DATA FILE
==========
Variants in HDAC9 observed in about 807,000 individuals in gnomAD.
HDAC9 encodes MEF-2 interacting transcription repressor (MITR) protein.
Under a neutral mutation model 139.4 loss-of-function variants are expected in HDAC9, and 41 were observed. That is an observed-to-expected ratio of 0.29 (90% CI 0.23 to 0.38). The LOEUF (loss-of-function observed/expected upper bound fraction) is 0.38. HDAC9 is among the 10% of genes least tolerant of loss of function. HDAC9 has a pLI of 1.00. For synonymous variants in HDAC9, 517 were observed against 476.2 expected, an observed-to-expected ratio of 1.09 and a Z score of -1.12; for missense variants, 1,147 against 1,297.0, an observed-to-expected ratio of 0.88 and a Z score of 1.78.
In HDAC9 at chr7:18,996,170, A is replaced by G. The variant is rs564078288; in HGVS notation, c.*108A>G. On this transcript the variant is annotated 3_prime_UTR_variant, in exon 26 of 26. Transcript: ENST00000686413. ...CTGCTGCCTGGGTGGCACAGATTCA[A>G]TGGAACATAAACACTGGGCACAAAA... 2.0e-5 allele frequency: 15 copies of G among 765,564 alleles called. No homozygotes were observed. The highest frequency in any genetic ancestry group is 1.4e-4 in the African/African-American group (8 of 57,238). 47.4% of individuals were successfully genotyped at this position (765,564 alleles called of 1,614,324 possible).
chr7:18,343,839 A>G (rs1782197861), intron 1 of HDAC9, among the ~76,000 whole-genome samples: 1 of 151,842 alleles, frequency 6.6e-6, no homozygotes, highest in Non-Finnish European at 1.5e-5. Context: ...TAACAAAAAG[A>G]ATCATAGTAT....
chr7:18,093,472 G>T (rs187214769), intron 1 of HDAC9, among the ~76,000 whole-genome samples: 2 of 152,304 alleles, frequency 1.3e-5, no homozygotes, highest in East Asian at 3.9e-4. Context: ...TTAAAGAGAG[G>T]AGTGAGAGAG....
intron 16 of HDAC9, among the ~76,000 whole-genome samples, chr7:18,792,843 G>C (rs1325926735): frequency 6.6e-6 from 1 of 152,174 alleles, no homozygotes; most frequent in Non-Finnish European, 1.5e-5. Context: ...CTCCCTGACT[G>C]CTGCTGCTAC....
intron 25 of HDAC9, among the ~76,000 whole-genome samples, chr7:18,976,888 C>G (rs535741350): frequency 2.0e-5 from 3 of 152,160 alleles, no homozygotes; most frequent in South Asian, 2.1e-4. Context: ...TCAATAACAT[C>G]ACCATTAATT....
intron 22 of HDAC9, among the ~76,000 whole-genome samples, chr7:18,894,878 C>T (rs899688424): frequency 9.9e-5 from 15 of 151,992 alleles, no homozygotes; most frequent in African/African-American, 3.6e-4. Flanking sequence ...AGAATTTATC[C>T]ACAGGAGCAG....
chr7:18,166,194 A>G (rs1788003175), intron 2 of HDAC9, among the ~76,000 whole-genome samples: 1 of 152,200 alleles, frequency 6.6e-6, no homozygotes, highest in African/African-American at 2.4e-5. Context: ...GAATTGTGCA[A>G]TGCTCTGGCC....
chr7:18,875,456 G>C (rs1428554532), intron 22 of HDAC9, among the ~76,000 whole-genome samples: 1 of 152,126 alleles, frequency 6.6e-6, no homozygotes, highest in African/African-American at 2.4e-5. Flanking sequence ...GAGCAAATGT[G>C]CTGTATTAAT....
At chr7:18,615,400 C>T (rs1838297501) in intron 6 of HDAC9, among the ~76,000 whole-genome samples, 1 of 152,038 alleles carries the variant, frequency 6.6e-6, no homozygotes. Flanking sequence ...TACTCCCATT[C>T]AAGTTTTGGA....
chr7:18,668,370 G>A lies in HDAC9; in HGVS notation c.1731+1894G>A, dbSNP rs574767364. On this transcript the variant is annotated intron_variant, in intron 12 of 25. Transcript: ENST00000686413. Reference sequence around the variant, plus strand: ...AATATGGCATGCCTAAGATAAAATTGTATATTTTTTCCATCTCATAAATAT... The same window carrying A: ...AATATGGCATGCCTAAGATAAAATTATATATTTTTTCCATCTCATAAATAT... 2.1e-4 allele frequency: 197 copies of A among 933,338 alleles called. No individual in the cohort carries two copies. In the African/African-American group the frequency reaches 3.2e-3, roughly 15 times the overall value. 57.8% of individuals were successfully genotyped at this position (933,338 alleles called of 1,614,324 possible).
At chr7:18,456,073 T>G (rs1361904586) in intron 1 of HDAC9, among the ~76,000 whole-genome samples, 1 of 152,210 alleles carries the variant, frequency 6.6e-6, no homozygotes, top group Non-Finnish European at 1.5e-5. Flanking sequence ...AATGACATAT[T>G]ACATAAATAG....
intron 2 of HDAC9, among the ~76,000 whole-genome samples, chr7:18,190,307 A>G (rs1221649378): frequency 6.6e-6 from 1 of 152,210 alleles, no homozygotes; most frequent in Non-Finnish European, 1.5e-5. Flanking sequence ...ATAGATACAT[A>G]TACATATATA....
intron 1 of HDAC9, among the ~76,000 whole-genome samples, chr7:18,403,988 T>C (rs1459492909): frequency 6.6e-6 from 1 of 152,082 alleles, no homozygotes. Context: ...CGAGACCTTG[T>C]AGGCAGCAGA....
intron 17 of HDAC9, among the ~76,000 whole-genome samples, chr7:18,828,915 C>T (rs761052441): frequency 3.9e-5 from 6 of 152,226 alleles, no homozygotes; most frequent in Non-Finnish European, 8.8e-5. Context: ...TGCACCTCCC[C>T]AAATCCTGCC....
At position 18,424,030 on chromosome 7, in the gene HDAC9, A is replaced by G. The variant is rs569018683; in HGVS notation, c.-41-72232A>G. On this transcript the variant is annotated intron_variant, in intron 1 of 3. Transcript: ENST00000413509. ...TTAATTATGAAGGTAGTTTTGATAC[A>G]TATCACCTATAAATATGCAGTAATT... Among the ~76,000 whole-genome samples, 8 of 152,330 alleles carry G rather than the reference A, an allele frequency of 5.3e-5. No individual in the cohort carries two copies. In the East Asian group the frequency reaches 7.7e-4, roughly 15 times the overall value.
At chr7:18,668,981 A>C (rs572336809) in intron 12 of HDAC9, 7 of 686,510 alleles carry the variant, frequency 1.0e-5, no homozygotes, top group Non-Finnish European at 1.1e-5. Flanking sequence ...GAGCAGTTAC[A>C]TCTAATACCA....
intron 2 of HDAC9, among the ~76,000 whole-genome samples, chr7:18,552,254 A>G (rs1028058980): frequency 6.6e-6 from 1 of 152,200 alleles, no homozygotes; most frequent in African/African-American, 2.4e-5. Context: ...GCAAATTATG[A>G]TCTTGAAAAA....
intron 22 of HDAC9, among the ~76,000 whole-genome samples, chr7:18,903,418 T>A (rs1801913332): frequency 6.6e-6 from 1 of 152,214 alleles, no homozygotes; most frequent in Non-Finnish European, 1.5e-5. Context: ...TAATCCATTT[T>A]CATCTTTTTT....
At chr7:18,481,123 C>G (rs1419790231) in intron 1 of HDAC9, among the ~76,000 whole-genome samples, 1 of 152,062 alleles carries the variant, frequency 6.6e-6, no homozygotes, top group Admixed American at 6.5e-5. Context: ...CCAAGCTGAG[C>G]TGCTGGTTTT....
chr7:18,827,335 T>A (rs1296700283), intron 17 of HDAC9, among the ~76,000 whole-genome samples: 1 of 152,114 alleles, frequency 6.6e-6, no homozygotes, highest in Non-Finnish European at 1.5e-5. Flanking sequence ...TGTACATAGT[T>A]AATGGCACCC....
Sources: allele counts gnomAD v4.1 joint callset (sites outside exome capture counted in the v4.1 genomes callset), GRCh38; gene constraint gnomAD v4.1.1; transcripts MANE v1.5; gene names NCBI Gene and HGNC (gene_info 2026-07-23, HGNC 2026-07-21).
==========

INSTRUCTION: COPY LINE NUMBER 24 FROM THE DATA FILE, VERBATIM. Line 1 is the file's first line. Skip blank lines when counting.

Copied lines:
Sources: allele counts gnomAD v4.1 joint callset (sites outside exome capture counted in the v4.1 genomes callset), GRCh38; gene constraint gnomAD v4.1.1; transcripts MANE v1.5; gene names NCBI Gene and HGNC (gene_info 2026-07-23, HGNC 2026-07-21).